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Stomping the Yard

3 Life Lessons College Won’t Teach You

Photo Credit: Shutterstock

This fall, many students will be entering college for the first time, or returning to continue their pursuit of a degree. The college formula is pretty straightforward: two years of general education courses, two years of courses in your major, a commencement ceremony — and just like that, you’re a college graduate, supposedly equipped for the “real world.”

While this may be somewhat true, this formula is oversimplified. While college can teach you a great many things to prepare you for success in the workforce, civic engagement, and service to others, there are some lessons too delicate for the classroom that many African American students learn the hard way:

1)      The Value of Living Debt Free – In December 2013, hip-hop producer Damon “Dame” Dash shared comments he claimed were made by a Jewish businessman that referred to Black spending habits as “liquid money”, meaning that money seeps through the hands of Blacks like water and that on payday, African Americans will spend money in every community but their own. A report furnished by the Washington Post showed U.S. Census Bureau statistics indicating that in the last 50 years, the wealth gap between whites and African Americans has only widened. Despite increases in annual income, financial giant, Prudential, reports that 94 percent of African Americans still carry some sort of debt. Debt-free living is one of the first steps towards wealth accumulation. Unfortunately, with so many African Americans leaving college with student loan debt, the wealth disparity continues to persist.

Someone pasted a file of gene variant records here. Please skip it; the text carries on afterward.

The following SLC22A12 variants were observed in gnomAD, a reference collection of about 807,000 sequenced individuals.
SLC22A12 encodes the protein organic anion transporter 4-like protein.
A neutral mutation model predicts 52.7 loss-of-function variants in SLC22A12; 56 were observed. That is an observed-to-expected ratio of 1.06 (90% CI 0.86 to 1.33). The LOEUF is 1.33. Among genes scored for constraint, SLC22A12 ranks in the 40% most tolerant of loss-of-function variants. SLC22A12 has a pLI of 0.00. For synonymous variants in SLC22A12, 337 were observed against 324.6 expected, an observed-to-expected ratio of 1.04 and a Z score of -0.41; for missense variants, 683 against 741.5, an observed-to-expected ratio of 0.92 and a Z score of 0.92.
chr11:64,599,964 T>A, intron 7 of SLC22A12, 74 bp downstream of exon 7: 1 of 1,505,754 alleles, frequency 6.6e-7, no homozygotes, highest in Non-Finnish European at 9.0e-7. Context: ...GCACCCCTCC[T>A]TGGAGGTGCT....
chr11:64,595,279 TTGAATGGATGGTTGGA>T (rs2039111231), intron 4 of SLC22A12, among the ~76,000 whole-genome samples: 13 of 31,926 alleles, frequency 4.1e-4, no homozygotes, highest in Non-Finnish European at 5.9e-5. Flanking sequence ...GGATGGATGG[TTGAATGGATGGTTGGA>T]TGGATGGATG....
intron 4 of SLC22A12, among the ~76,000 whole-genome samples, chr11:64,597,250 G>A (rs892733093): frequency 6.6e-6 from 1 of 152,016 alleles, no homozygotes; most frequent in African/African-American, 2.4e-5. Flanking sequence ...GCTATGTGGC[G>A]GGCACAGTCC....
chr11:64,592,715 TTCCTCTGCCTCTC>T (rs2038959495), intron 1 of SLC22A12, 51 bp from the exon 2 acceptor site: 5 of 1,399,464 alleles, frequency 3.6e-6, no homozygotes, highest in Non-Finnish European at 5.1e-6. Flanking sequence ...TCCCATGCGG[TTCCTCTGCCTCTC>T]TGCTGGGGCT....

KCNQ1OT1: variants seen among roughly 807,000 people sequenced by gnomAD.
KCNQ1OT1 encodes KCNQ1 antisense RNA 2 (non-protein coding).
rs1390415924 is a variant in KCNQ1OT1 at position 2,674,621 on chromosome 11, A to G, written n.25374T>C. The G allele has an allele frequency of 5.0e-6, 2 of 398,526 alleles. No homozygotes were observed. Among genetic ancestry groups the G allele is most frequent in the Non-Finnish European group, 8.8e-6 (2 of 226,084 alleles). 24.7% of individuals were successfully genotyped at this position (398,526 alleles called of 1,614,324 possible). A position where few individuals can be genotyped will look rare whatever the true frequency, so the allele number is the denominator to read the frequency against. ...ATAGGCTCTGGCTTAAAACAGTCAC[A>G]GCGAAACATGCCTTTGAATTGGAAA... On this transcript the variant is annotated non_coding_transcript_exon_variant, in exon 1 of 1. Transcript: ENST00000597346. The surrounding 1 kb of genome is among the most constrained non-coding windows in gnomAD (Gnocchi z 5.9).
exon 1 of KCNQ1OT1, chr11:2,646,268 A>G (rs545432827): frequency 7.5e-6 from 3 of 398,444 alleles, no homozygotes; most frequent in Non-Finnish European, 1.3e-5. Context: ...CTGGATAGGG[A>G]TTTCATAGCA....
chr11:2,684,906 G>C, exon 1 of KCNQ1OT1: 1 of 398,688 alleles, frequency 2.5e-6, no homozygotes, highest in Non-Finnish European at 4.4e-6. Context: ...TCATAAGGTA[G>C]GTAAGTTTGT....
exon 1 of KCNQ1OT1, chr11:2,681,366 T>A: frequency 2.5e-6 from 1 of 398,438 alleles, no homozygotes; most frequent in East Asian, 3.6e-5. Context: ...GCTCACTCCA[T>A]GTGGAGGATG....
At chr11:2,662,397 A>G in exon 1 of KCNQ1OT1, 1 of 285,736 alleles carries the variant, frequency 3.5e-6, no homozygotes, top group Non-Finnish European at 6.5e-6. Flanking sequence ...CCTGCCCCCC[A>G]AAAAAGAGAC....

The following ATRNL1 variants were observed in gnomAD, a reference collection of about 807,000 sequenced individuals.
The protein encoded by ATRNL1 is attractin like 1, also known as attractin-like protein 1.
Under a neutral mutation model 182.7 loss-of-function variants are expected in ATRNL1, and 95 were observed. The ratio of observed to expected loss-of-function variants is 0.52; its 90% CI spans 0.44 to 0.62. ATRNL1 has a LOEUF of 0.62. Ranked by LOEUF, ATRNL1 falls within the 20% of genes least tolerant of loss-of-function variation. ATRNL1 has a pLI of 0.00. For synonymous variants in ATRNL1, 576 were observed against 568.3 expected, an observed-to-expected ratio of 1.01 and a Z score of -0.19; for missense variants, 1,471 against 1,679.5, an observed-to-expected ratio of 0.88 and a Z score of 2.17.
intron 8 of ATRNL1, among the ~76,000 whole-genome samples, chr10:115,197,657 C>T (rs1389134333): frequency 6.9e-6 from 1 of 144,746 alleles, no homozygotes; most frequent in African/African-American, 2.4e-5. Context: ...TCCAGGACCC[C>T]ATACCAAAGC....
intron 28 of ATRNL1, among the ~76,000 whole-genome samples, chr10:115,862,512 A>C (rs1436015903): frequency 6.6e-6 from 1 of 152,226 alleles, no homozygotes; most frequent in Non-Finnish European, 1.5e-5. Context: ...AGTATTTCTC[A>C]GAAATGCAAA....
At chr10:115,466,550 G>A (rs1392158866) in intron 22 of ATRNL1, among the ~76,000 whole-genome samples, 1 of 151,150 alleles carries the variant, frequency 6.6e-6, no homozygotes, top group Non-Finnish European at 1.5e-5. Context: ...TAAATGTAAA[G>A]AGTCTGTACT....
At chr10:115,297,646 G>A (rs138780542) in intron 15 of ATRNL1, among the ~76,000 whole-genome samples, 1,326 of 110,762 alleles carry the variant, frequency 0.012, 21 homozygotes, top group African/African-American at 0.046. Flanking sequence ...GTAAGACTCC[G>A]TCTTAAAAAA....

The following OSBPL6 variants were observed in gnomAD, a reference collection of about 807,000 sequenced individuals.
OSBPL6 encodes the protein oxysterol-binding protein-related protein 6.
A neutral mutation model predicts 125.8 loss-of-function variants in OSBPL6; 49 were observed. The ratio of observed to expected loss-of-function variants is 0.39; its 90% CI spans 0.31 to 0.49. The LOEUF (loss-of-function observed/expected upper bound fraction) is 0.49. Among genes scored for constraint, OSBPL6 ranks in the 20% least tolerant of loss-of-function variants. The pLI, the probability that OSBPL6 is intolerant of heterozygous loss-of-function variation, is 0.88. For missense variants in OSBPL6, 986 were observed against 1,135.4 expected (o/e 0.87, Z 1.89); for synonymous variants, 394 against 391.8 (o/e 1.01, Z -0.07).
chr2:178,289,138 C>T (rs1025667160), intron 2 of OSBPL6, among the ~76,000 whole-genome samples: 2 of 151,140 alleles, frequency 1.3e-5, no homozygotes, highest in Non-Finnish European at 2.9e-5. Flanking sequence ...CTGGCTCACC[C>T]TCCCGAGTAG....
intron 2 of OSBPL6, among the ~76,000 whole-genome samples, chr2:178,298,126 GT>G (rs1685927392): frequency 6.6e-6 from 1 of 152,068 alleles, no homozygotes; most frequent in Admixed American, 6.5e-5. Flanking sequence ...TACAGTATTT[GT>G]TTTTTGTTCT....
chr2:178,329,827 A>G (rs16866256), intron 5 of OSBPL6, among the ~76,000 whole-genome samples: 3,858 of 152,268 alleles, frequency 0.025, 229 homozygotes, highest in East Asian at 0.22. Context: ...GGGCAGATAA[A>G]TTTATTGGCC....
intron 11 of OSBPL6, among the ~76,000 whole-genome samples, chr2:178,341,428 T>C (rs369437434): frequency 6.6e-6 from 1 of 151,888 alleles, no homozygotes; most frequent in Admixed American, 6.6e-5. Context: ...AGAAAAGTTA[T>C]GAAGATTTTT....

Photo Credit Washington Post

Photo Credit Washington Post

2)      Social Consequences – I remember being in the first year of my master’s program and one of my classmates, intending to pay me a compliment, said, “I just love listening to you. You remind me of Oprah! You know…you’re Black, but you’re not ‘Black-b=Black.’” The irony of sitting in a room full of “educated” people, yet subject to such ignorance, was not lost on me. What she was really saying was, “I like you… you’re not like “the others”. This was a hard lesson to learn, but one that certainly escaped the classroom teachings of NIU (Northern Illinois University). The hard truth is that there are social consequences for the stereotypes enacted on mainstream and social media. The actions of a few can bring ramifications for the many. As such, it is absolutely essential to always be mindful of what stereotypes might be reinforced through social media posts, jokes, and other forms of “entertainment” that can lead to cultural backlash down the road.

 

3)      The Value of the Vote: During the 2012 Presidential Election, Twitter exploded with tweets from voters in largely African-American areas urging voters to “stay in line.” “They can’t deny your right to vote,” people tweeted. “Your voice matters.” In 2012, African-American voter turnout hit record levels. This was due in part to support for President Obama, but it also stemmed from understanding what can happen when citizens don’t exercise their rights to vote. Issues such as voter discrimination, controversial “Stand Your Ground” laws, and policy decisions that impact the economy and quality of life are at stake. Sadly, voters aged 18 to 29, college students and recent grads, account for only 29 percent of voter turnout. Be it lack of concern, or lack of knowledge about the issues, youth voter turnout has historically been a disappointment.

College can teach you the ins and outs of political science, the sociological impact of crime in the community, or the economic breakdown of wealth and poverty in America. However, it can’t teach you what it’s like to experience the consequences of social policy decisions that deny access to basic freedoms, and confines communities to cycles of poverty and violence. A college education is a valuable commodity, but it can’t take the place of learning how to strengthen our culture and our community.

Shante-Bishop

Getting TO college is one thing; Getting THROUGH college is quite another. That’s why Dr. Shante’ Bishop offers strategic advice on being successful both in and out of the classroom. From catalogs to cap and gown, Professor Bishop shares what it takes to ‘Stomp the Yard” with confidence and clarity! You can follow Dr. Bishop on Facebook, YouTube and Twitter.